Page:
9B.2 Influence of land surface models on predictions of the vertical structure of stable boundary layers in AT&D applications

Wednesday, 26 January 2011: 10:45 AM
615-617 (Washington State Convention Center)
David R. Stauffer, Penn State Univ., Univ. Park, PA; and B. P. Reen, B. Gaudet, and N. L. Seaman

The impact of atmospheric transport and dispersion (AT&D) on CBRN agents released into the atmosphere is strongly controlled by boundary layer properties. The highest concentrations and greatest potential adverse effects are expected within stable boundary layers (SBLs), during weak-wind conditions that tend to occur over land on clear nights. Within SBLs turbulent mixing tends to be weak and intermittent, and the vertical temperature structure can confine toxic agents to a shallow region near the ground (often only tens of meters deep). With weak synoptic forcing, mean winds may become light (less than 2ms-1), so that transport is dominated by submeso perturbations, characterized by sudden large shifts of direction resulting in meandering plume behavior.

Penn State University has been investigating the predictability and behavior of SBLs in the ridge and valley region of central Pennsylvania under DTRA-funded contracts. The tools we have been using include (1) an automated array of sonic anemometers and temperature sensors in the Rock Springs area of Nittany Valley, and (2) daily high-resolution (to 444-m horizontal grid spacing and near-surface 2-m vertical grid spacing) simulations using the Weather Research and Forecasting (WRF) numerical model, Advanced Research WRF (ARW). WRF-ARW is designed to simulate a range of physical processes in the atmosphere but also requires specification of heat and moisture fluxes at the ground. Initial WRF-ARW predictions show promising results for at least some aspects of SBL near-surface meandering flows at resolvable horizontal and temporal scales. However, for modeled SBLs to be useful for AT&D applications, their vertical structure must also be validated, from the fluxes at the ground to the temperature and wind fields at and above the SBL top.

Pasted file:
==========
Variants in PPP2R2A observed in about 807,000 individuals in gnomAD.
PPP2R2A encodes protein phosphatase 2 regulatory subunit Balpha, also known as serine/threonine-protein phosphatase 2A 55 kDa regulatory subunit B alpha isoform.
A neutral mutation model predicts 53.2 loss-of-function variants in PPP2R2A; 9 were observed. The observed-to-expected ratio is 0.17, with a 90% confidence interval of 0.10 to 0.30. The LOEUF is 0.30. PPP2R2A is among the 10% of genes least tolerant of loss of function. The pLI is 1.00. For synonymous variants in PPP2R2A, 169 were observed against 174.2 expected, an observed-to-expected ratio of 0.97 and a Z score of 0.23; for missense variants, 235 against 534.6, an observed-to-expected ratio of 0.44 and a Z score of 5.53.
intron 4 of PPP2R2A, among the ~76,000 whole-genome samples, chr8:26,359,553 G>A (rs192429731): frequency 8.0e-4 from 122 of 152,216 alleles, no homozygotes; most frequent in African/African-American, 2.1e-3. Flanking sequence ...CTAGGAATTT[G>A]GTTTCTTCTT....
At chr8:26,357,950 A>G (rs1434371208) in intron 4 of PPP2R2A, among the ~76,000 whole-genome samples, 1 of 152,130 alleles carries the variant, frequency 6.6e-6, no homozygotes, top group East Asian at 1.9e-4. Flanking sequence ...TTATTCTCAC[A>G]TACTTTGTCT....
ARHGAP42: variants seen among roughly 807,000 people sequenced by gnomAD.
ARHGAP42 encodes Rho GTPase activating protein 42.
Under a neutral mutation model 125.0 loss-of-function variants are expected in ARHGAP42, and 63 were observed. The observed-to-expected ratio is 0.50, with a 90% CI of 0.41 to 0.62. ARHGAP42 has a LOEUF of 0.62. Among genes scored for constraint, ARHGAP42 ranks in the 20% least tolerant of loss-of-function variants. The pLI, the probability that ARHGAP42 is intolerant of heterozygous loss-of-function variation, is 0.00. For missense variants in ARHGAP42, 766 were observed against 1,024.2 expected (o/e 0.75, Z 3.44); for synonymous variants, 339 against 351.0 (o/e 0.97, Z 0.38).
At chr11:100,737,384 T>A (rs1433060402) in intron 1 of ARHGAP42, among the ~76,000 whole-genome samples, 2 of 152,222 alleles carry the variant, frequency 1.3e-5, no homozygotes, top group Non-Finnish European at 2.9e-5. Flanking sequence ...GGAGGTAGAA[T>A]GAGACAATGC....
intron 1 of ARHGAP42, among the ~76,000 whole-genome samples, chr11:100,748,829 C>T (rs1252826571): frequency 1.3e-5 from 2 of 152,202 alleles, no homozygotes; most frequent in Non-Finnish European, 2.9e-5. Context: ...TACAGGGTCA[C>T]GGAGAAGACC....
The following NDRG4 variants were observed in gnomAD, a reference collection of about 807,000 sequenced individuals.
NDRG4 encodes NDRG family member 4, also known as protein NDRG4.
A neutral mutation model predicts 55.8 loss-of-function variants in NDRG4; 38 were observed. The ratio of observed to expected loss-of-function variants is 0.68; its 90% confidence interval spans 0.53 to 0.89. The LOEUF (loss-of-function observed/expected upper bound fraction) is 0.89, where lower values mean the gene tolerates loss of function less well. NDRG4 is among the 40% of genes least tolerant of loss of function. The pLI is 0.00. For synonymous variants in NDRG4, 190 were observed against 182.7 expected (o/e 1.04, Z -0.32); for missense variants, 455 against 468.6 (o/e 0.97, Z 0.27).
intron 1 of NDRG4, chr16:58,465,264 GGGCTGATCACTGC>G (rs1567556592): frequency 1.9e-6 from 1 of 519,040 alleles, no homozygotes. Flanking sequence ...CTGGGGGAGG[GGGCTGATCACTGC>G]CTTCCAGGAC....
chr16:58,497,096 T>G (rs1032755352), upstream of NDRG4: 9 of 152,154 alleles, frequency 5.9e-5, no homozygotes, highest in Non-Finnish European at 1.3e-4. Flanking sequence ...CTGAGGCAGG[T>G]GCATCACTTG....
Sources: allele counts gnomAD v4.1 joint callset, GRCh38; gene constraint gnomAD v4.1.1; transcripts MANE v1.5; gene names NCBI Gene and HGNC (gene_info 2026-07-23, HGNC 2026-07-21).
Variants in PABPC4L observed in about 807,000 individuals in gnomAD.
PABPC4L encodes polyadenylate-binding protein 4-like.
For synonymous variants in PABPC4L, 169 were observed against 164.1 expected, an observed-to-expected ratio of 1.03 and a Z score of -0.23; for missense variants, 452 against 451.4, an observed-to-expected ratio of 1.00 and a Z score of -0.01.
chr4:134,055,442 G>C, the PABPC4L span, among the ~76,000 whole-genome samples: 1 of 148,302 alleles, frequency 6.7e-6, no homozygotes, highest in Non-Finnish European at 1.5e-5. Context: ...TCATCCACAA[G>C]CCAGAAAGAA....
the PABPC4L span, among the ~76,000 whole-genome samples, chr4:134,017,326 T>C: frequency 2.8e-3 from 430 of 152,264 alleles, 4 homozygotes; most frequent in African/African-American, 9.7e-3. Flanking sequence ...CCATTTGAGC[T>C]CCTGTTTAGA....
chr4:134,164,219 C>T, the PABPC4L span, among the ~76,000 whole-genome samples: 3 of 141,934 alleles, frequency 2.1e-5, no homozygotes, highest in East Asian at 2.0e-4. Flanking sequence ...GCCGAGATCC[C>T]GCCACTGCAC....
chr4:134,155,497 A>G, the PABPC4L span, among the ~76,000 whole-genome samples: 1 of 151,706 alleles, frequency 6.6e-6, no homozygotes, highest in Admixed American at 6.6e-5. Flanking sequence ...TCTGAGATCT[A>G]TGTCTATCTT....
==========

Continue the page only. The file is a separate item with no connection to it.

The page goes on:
In this study we compare predicted WRF-ARW vertical structure to local 2-D and 3-D sonic anemometer and temperature sensor data between 2 m and 47 m AGL. Recently acquired mini-sodars will allow us to extend studies of atmospheric structure from a few tens to a few hundred meters above the surface.

To better model the heat and moisture fluxes at the land-atmosphere boundary, we also investigate the use of the Noah land surface model (LSM). Previous WRF investigations by Penn State had used a thermal diffusion scheme to predict soil temperature while keeping soil moisture constant at climatological values. The Noah LSM predicts both soil moisture and temperature and accounts for moisture fluxes from soil, vegetation, and snow. The use of this more detailed scheme, in concert with case-specific soil moisture values based on antecedent conditions, should allow for a better representation of surface heat and moisture fluxes and thus a more accurate simulation of the SBL. However, obtaining sufficiently accurate initial conditions for the additional fields used by Noah (e.g., soil moisture) may be particularly difficult at the scales modeled here (i.e., 444-m). Finally, we demonstrate the effects of using the Noah LSM on SBL predictions of temperature and winds, and the corresponding influence on dispersion calculations using trajectories and the SCIPUFF AT&D model.

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